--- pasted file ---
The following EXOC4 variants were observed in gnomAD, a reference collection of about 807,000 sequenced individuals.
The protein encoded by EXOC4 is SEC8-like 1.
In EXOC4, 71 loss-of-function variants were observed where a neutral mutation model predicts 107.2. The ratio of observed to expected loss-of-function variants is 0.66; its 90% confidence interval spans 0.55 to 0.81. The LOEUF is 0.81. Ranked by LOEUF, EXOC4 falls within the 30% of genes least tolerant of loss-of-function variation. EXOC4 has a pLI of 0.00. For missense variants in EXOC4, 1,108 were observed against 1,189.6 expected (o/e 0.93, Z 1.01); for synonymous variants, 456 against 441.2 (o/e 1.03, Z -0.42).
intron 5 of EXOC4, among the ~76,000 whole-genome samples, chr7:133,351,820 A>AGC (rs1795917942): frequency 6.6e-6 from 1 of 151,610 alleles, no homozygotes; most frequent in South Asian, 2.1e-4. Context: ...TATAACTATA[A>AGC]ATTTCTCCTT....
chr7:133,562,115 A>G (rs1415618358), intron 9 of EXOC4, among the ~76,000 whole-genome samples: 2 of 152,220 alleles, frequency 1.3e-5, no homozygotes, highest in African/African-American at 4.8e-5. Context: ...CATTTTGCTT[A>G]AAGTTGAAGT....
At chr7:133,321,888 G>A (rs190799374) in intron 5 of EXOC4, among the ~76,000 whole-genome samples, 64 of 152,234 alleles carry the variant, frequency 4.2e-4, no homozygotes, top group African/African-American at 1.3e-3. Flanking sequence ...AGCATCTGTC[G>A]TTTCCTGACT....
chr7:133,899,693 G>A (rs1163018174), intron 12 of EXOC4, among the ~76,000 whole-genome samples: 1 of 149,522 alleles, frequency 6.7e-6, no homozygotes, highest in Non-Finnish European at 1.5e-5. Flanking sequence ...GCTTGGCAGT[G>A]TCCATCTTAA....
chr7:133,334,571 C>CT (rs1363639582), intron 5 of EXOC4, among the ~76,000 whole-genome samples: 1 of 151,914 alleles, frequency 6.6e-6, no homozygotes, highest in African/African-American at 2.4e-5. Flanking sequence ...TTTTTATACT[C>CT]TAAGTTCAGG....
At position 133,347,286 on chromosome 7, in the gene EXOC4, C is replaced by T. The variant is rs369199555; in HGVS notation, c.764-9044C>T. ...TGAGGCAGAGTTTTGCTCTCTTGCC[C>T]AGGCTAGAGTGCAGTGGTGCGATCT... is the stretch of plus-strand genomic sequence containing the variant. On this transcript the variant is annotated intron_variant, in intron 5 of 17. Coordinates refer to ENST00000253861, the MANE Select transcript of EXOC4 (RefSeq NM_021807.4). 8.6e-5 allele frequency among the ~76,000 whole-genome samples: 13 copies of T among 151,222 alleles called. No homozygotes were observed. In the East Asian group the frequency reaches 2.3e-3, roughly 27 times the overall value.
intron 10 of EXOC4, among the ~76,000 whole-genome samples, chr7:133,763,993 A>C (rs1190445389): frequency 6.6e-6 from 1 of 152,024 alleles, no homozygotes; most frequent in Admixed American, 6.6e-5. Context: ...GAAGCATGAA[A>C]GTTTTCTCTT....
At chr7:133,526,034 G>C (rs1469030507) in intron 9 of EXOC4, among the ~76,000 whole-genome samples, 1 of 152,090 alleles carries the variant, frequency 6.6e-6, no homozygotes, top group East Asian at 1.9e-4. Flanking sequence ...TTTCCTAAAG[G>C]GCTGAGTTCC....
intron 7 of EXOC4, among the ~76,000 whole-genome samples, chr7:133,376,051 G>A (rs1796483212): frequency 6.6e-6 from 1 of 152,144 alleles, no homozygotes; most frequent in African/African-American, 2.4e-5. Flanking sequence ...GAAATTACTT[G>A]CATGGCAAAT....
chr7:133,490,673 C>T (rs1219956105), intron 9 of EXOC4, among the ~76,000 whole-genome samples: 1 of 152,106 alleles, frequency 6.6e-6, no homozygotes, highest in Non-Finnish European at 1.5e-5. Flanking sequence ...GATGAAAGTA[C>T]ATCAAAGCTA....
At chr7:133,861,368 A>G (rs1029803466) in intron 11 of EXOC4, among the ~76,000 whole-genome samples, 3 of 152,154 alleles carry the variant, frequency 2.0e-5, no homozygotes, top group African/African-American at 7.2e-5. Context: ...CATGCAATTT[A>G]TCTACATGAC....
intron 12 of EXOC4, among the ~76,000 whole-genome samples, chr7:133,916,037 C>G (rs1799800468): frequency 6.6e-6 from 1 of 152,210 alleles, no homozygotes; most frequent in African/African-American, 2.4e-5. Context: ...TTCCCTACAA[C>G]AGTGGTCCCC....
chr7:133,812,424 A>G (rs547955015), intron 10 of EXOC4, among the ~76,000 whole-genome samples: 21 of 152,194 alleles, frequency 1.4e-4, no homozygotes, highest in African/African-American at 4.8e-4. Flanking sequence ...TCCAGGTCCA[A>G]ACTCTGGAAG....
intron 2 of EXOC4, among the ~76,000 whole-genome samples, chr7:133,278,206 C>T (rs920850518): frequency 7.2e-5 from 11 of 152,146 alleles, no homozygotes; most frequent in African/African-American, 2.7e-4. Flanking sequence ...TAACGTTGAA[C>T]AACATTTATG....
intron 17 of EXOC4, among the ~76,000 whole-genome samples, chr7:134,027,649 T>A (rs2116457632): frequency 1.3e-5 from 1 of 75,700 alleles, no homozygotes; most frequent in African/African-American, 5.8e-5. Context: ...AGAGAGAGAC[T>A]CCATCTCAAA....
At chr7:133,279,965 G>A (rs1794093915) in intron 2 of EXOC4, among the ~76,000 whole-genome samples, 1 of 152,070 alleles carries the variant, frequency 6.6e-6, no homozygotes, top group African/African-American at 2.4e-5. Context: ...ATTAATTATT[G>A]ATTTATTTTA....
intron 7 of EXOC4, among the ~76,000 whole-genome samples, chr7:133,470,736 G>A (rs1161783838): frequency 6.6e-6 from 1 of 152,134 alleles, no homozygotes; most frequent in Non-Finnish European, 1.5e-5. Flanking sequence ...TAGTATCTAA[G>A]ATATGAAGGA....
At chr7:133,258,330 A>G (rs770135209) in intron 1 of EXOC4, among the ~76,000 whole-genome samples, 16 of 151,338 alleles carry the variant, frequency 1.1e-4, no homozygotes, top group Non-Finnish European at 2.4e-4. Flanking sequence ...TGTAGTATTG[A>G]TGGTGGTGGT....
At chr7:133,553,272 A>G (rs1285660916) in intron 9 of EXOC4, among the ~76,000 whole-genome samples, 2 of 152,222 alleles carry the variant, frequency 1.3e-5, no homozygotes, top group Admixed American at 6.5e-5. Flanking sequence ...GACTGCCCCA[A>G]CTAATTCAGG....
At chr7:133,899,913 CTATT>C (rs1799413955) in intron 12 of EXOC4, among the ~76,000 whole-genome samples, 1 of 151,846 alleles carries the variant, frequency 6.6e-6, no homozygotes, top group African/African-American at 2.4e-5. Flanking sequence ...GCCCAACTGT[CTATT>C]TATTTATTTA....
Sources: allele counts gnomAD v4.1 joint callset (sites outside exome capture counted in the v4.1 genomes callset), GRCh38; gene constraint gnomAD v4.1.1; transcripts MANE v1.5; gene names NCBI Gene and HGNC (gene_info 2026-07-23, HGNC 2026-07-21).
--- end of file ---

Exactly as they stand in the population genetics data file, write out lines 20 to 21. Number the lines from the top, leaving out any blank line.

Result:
intron 7 of EXOC4, among the ~76,000 whole-genome samples, chr7:133,470,736 G>A (rs1161783838): frequency 6.6e-6 from 1 of 152,134 alleles, no homozygotes; most frequent in Non-Finnish European, 1.5e-5. Flanking sequence ...TAGTATCTAA[G>A]ATATGAAGGA....
At chr7:133,258,330 A>G (rs770135209) in intron 1 of EXOC4, among the ~76,000 whole-genome samples, 16 of 151,338 alleles carry the variant, frequency 1.1e-4, no homozygotes, top group Non-Finnish European at 2.4e-4. Flanking sequence ...TGTAGTATTG[A>G]TGGTGGTGGT....